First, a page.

Airtours was forced to switch its cruise ship, MS Seawing, away from Egypt following the terrible scenes at Luxor, where Muslim militants killed 58 foreign tourists and four Egyptians.
The ship is now based in the Canaries. However, the last-minute switch forced Airtours to offer cut-price deals to fill capacity, which hit margins.
"We decided to pull out of the area due to concerns from our customers. We recovered some of the losses by moving the ship to the Canaries. But sales of the new holidays were not as strong as we hoped," an Airtours spokesman said yesterday.
Despite the set-back, overall UK holiday sales for the three months to December rose 8 per cent as more Britons chose to jet off to catch some winter sun.
Airtours has not seen any negative effects from the growing Iraqi crisis. But the group said that war in the Middle East could have a knock-on effect on holiday destinations such as Cyprus, Turkey and Tunisia.
Airtours' first-quarter losses rose to pounds 17.3m (pounds 12.1m). The group traditionally makes losses in the first half of its financial year, which cover the quieter holiday months. However, the losses were higher than analysts expected.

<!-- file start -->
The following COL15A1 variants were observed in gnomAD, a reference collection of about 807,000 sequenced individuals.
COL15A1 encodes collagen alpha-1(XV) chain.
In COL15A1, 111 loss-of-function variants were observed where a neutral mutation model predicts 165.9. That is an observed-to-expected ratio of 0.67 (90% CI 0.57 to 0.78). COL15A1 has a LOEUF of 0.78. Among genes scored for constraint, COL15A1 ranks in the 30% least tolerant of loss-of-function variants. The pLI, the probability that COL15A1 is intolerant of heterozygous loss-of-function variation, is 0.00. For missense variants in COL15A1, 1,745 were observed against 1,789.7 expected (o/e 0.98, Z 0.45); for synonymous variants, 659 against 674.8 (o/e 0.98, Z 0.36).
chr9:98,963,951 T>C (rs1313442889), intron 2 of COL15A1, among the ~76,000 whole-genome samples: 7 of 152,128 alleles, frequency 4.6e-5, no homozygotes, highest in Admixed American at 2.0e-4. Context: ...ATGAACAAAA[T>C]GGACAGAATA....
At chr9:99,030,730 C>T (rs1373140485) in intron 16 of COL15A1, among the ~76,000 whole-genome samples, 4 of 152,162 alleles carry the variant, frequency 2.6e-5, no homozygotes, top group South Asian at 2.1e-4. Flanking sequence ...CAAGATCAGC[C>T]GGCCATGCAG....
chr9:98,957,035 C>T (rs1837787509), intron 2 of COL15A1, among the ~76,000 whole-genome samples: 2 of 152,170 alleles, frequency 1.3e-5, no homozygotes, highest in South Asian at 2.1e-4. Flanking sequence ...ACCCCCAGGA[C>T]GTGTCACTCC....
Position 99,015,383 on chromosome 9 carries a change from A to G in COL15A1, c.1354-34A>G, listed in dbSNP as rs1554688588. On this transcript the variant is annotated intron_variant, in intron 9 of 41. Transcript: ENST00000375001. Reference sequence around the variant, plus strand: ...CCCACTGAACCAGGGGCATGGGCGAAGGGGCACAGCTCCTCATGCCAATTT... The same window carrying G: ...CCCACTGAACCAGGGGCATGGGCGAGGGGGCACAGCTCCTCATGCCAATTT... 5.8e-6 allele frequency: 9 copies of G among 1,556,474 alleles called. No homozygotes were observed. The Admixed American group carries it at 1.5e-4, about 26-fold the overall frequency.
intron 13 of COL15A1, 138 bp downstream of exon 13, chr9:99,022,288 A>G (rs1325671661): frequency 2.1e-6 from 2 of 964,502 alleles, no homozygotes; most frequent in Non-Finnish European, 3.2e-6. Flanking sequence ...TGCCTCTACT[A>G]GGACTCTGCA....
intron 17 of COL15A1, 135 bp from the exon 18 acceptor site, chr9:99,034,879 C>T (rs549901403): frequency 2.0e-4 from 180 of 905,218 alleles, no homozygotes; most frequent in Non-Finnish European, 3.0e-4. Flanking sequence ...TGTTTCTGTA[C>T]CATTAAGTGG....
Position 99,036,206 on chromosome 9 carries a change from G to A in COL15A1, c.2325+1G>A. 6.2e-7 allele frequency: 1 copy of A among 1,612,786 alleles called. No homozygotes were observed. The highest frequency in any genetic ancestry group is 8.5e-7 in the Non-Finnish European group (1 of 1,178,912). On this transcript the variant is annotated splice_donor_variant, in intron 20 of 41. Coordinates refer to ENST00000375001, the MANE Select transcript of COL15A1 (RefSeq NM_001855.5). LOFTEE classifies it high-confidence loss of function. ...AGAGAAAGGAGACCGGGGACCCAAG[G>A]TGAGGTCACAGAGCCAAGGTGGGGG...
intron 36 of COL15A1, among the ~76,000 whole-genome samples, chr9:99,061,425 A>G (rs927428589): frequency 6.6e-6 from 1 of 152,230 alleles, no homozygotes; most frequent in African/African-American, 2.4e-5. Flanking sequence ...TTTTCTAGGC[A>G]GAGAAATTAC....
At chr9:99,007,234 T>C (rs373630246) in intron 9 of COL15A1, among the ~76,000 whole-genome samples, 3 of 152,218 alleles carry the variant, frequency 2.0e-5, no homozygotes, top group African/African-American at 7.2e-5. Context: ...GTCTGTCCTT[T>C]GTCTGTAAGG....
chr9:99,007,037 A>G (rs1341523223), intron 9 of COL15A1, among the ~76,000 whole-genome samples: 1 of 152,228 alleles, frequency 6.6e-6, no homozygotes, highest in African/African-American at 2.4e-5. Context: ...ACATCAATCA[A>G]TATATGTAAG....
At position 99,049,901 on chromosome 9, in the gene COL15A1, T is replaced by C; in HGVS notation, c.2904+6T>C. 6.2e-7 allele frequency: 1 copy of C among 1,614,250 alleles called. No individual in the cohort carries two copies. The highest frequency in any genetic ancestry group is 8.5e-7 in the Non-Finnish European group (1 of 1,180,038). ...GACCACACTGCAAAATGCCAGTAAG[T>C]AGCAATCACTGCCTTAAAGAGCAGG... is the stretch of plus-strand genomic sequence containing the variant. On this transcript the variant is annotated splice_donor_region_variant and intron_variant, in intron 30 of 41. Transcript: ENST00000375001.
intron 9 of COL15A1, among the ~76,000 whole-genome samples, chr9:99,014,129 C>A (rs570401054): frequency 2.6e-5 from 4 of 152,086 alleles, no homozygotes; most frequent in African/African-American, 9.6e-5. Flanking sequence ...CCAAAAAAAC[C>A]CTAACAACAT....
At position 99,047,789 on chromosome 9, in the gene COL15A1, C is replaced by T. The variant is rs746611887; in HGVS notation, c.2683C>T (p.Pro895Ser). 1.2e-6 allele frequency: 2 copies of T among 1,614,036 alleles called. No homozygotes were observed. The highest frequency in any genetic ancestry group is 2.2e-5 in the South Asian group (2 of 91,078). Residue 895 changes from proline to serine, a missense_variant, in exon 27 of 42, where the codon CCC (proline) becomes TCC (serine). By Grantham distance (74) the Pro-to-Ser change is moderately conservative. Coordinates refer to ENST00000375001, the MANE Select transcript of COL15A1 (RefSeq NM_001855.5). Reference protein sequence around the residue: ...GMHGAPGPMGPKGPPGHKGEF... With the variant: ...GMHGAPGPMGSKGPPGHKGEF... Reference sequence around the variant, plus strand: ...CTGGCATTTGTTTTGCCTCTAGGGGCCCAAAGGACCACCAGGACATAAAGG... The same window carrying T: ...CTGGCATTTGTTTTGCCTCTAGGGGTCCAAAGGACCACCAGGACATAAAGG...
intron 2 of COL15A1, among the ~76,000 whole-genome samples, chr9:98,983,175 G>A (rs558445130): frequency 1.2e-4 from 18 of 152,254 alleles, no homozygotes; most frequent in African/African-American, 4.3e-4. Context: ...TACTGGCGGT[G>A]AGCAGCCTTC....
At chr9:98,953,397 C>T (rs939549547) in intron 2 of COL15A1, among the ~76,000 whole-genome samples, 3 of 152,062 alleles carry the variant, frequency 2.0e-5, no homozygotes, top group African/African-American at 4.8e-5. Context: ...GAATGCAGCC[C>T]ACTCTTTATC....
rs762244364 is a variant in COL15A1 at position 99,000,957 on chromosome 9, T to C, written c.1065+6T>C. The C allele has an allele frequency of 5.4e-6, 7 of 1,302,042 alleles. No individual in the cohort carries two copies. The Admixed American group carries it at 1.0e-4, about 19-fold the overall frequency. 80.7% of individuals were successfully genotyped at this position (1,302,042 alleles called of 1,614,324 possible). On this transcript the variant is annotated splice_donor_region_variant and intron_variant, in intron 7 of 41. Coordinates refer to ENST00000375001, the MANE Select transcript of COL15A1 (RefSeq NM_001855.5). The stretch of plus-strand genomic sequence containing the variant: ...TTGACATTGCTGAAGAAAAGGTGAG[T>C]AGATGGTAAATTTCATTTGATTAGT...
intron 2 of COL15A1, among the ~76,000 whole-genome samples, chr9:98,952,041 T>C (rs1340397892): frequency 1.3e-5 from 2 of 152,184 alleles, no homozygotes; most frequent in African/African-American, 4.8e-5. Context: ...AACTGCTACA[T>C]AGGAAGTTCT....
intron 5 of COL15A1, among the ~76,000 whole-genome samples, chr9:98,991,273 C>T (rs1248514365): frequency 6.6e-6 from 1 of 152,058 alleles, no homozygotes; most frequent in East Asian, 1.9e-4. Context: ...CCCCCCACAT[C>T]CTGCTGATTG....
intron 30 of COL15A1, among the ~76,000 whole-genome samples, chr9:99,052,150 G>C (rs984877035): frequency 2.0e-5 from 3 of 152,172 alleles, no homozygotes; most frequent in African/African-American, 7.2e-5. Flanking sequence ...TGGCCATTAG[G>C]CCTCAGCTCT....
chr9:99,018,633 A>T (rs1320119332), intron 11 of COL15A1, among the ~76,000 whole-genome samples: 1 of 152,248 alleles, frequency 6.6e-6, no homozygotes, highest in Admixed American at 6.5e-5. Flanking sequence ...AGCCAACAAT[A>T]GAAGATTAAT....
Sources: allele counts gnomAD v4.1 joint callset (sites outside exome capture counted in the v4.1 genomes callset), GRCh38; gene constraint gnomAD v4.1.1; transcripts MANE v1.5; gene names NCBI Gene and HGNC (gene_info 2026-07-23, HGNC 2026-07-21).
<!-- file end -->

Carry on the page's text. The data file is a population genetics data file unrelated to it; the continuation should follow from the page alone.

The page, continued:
Airtours blamed further problems at the group's Scandinavian tour business. Engineering problems and a lack of available planes delayed flights and added to costs. Airtours has also increased discounts to more than 20 per cent on a number of holidays which, in the past, have proved difficult to sell until the last minute.
But the group denied kick-starting a price war or flooding the market with more capacity. "This is just tactical discounting and their has been no significant increase in capacity from the major tour operators," the spokesman said.
Airtours' expansion in North America, where it has recently set up a business in Florida, also lead to higher seasonal losses. The group said its holiday business in Canada, which has proved a difficult market in recent years, was finally showing signs of recovery.
Airtours is keen to expand its European business and is believed to be among the front-runners to buy a stake in LTU, Germany's third-largest package holiday group, which has been up for sale by Westdeutsche Landesbank. But the deal is sale is still being examined by the German cartel authorities.Reuse content